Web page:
Three Greek islands, Rhodes, Corfu and Lefkada between the best European islands for family holidays.
Hvar is probably Croatia’s most fashionable island destination: everyone from honeymooners to actors flocks here for boutique hotels, seafood and boho-glam nightlife. But the island is big and varied enough to absorb families with kids, too.
The Adriatic is calm (no waves, as you would have on the Atlantic) and local winds relatively gentle (unlike the Cyclades in Greece), making this a great place to get children swimming in the sea, and to introduce teens to water sports – sea kayaking, wind surfing, sailing and scuba diving are all catered for.
Where to stay: Palmizana, set in a botanical garden on a tiny car-free islet opposite Hvar Town (served by regular taxi-boats, 15-min transfer). This hotel has 13 bungalows (from £85 per night in low season) and villas for rent (sleeping 3-10); two open-air restaurants; and a narrow strip of pebble beach overlooking a sheltered bay.
The largest of the Balearic Islands has plenty to keep every member of the family happy, from toddlers to grandparents. With dozens of safe, sandy beaches to choose from, you could go to a different bay every day. Es Trenc, Playa de Muro, Cala Millor and Port de Sóller are all great for small kids, and older children can have a go at paddleboarding, kayaking or windsurfing.
Where to stay: Outdoorsy types will feel at home at the Club Pollentia Resort, where there is a wealth of activities on offer within the hotel, out on the water, or in the countryside. Double rooms from £55 in low season; rising to £112 in high.
This island in the Canaries has been quietly undergoing a revolution and is turning into a rather chic destination. Don’t expect anything glitzy or flashy though; this quiet revolution is all about staying in eco-friendly places and spending your days cycling, walking or surfing – and if the kids will play ball, you may even have time to sample the local wines.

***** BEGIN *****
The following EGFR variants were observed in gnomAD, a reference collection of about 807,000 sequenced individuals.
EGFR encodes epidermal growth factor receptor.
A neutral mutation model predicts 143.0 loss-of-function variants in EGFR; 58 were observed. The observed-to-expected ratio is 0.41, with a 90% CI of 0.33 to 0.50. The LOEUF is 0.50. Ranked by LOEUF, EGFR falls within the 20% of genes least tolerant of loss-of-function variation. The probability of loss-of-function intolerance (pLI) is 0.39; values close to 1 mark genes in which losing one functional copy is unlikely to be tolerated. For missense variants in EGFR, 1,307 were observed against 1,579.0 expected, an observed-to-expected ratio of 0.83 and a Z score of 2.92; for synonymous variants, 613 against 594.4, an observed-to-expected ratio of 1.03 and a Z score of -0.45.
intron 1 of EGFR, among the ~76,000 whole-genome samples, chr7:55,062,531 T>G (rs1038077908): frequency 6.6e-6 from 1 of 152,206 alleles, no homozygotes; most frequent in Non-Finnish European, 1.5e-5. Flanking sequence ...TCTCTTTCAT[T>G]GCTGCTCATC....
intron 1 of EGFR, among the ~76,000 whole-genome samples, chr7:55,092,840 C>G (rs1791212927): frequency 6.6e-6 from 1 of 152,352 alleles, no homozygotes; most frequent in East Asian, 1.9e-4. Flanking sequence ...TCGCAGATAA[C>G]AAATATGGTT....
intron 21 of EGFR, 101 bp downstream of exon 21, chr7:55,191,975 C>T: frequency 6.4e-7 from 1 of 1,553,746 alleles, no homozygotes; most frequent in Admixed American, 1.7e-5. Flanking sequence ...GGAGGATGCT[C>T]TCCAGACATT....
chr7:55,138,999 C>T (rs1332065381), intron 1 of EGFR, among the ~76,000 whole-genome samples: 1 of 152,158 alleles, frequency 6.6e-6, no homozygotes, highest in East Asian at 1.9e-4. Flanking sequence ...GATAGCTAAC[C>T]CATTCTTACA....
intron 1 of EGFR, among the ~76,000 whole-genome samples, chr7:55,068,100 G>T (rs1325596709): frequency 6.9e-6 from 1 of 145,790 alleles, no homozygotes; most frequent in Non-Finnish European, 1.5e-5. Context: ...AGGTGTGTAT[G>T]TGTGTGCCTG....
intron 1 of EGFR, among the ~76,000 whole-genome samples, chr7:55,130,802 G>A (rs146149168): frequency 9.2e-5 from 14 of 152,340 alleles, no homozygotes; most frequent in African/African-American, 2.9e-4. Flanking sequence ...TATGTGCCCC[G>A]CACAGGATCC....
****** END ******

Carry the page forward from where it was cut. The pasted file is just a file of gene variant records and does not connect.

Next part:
Where to stay: Princesa Yaiza hotel is a stylish five-star hotel complex in Lanzarote, with plenty of activities for children of all ages. Rooms from £114.
Rhodes caters to a mix of ancient history buffs, gastros, aesthetes and families. Your first stop should be Rhodes Old Town, magically located within a moated citadel with walls that are12 feet thick. This former stronghold of the Knights of St John has a distinctly medieval feel, but walk on a little further – past evil eyes, alabaster gods and jewellery stores – and you find yourself in the intricate labyrinth of the Byzantine quarter, with its minarets, working Turkish baths and impossibly narrow atmospheric streets. Its bijou aquarium is worth a visit. Beyond Rhodes town is an abundance of vernal valleys and gorgeous beaches. Come between June and September to see butterflies emerge from their chrysalises at the Valley of the Butterflies (Petaloudes). And don’t miss the glass-bottomed boats in Mandraki Harbour, where a new 150m replica of the the Colossus of Rhodes will soon be built in the place of the long fallen original.
Where to stay: Kokkini Porta Rossa is a stylish boutique hotel which offers an exclusive ambiance, impeccable decoration, and fine dining, together with personalised, friendly service from the Greek owners. Rooms from £125 per night.
Say “Corfu” and the excesses of Kávos likely spring to mind. But these (much diminished now) are well quarantined at the remotest end of this verdant island, which actually is perfect for families. Corfu’s two main coastlines contrast sharply and the entire island is easily explored by hire car; distances are modest so kids will not get too fidgety. The main family attraction is Aqualand waterpark, but head to the western shore for superb sandy beaches; at some, like Íssos in the south-west or Ágios Stéfanos, in the far north, the sea shelves gently, though others get too much surf for toddlers. The eastern shoreline, facing the Greek mainland, has much calmer sea, with mostly fine-pebble beaches.